Before we go into the 3 protein bars you should avoid, it is paramount that we discuss the things you should look for in a Bar.
WHAT YOU SHOULD LOOK FOR IN A BAR
According to Alissa Rumsey, a registered dietitian and spokesperson for the Academy of Nutrition and Dietetics, the healthiest bars have a calorie range of 150 to 250 calories.
The ingredient list includes mostly whole foods like nuts, seeds, whole grains and fruits.
“Avoid bars that have a laundry list of ingredients, which signals a highly processed food,” advises Melissa Rifkin, M.S., RD.
BALANCE BAR LEMON MERINGUE CRUNCH
Balance Bars are low in fiber and contain questionable ingredients like carrageenan and caramel color. The lengthy ingredients list is devoid of whole foods and reads like a chemistry exam.
For example, the first seven ingredients are soy protein nuggets, glucose syrup, protein blend, sugar, fractionated palm kernel and palm oil, fructose and invert sugar.
There are four types of sugar in the first few ingredients alone! Balance Bars contain carrageenan, a thickener made from seaweed, which has been linked to gut inflammation in animal and human cell studies.
While the U.S. Food and Drug Administration believes it is safe, people with inflammatory bowl disorders — or anyone concerned about its effect — may want to avoid it.
The bars also contain caramel color, a potential carcinogen, according to a 2015 study from Johns Hopkins University. The report cautioned that consuming large quantities of caramel color (popular in soda) could increase the risk of cancer.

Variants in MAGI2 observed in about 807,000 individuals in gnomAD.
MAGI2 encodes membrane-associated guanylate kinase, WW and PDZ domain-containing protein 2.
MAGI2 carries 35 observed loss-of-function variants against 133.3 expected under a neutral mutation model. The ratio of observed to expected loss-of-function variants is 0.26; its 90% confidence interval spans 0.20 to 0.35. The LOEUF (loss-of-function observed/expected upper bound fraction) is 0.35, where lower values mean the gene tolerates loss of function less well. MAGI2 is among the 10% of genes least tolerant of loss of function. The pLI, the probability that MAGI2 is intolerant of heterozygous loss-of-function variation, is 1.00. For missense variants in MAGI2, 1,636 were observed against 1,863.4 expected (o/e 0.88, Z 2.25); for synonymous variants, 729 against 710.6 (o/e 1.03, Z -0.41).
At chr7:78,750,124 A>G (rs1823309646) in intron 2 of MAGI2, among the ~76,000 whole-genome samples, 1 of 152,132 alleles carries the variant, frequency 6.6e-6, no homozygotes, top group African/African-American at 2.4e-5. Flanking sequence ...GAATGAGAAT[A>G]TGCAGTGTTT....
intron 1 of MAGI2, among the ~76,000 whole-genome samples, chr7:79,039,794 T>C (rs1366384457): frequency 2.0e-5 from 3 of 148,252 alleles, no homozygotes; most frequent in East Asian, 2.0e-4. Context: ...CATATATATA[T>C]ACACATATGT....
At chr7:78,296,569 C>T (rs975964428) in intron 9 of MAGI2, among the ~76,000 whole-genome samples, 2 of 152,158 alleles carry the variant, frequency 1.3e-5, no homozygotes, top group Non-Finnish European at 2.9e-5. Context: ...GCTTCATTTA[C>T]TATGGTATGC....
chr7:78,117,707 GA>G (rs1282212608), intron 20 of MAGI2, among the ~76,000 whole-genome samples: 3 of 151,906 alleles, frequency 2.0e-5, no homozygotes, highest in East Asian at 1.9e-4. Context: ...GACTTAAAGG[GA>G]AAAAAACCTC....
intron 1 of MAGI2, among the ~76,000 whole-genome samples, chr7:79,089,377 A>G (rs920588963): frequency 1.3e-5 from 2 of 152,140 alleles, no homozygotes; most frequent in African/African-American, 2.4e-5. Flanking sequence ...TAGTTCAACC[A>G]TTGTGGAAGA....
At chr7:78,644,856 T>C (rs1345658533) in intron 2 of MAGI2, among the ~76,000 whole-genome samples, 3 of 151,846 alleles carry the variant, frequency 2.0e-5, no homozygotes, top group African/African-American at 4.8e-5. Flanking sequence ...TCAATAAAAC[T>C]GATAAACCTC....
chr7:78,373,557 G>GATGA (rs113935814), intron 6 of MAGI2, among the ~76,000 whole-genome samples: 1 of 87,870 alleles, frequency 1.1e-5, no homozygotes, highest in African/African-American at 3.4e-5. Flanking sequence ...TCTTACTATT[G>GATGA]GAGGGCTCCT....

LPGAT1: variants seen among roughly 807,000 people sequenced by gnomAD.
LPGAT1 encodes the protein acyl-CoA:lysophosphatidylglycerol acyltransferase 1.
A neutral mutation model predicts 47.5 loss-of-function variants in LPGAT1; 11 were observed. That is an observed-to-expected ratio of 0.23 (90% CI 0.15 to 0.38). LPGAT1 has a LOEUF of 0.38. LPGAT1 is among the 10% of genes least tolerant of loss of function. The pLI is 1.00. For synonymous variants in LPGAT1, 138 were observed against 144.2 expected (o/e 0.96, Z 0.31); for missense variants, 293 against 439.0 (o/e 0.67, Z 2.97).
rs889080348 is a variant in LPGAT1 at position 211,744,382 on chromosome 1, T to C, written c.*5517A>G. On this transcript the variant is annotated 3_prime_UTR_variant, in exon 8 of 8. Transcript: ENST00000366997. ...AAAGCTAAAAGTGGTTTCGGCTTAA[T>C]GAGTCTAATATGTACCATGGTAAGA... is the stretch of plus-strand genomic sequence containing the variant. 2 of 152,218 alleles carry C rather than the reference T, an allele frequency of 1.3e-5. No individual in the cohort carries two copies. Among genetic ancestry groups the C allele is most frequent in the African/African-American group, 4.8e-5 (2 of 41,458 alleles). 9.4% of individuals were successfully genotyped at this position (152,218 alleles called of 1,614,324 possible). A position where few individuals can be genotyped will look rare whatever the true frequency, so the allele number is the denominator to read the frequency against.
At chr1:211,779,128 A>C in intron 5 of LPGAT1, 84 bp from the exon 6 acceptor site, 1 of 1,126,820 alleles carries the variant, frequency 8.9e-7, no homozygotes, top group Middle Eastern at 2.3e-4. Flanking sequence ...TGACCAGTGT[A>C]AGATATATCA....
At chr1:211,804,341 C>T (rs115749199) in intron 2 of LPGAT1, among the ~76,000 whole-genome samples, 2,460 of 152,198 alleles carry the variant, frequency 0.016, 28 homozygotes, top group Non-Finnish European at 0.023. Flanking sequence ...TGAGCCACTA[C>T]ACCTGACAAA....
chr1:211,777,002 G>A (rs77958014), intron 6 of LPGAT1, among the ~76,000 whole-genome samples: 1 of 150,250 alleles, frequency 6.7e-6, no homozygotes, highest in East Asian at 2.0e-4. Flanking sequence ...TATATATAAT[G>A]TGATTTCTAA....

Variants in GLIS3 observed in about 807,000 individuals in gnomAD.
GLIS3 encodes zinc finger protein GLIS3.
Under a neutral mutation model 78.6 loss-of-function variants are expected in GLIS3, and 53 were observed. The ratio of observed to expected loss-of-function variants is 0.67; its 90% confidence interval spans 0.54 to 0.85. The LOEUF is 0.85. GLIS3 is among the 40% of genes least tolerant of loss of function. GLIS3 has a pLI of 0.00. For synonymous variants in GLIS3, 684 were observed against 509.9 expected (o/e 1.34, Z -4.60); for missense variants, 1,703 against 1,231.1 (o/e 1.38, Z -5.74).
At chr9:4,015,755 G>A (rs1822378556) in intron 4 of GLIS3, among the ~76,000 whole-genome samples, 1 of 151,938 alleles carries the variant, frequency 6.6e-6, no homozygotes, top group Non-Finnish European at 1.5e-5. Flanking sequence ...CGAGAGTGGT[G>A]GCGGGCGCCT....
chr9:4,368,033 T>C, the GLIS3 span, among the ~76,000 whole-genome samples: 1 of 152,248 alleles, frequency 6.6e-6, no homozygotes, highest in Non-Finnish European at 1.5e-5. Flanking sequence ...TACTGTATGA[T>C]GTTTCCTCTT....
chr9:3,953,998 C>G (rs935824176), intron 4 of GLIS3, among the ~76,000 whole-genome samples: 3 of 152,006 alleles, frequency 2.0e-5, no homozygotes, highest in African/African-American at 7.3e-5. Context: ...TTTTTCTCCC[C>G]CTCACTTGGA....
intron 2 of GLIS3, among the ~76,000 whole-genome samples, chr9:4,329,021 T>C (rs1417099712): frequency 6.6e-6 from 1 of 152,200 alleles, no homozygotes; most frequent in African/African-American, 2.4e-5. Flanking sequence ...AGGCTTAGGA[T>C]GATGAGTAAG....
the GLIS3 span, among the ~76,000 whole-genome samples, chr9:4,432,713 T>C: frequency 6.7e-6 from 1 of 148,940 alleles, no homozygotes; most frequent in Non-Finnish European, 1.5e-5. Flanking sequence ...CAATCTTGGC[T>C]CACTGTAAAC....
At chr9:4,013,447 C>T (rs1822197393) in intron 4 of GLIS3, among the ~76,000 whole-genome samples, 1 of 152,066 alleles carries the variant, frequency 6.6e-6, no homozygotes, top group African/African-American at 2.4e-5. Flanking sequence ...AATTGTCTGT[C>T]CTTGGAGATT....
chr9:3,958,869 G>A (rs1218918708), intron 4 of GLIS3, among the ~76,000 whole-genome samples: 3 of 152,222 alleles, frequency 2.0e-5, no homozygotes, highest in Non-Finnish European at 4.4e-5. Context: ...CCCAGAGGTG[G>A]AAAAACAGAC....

THINKTHIN CREAMY PEANUT BUTTER PROTEIN BAR
With 20 grams of protein and zero grams of sugar, thinkThin looks appealing; but think again. There are hardly any whole foods on the ingredients list (except a small amount of peanuts and sea salt), and there’s only one lonely gram of fiber. thinkThin also has 11 grams of sugar alcohol.
Sugar alcohols taste sweet, have fewer calories than sugar and don’t raise blood sugar as much as sugar. (Despite the name, they don’t actually contain any alcohol or sugar).
But they can cause GI distress like abdominal pain, gas and diarrhea when consumed in excess (above 20 grams per day), according to a 2014 study in Comprehensive Reviews in Food Science and Food Safety.
If you suffer from stomach problems, check food labels for sugar alcohols — the solution may be to cut back or eliminate them entirely.
GREEN SUPERFOOD ENERGY BARS ORIGINAL
Don’t be fooled by the buzzwords “green,” “superfood” and “energy.” The SuperFood bar has 25 grams of sugar, which make up nearly half of the total calories. And while it does contain an “Amazing Grass Green Superfood” mix of powders, teas, roots and produce that’s been processed enough to fit in the bar, you can get everything you need from wholesome fruits, vegetables, beans, legumes and grains at your other meals and snacks.
In case you’re tempted by the four grams of fiber, it still isn’t enough to justify eating this sugary bar. You can easily get that in half a cup of raspberries, half a cup of oatmeal, an ounce of almonds, an orange, half an ounce of flaxseed or one baked sweet potato. A cup of cooked black beans has 15 grams. Just eat a healthier snack and have some raspberries for dessert that night.
The article was culled from an article that was originally written by CAROLINE KAUFMAN, MS, RDN, Published on Living Strong.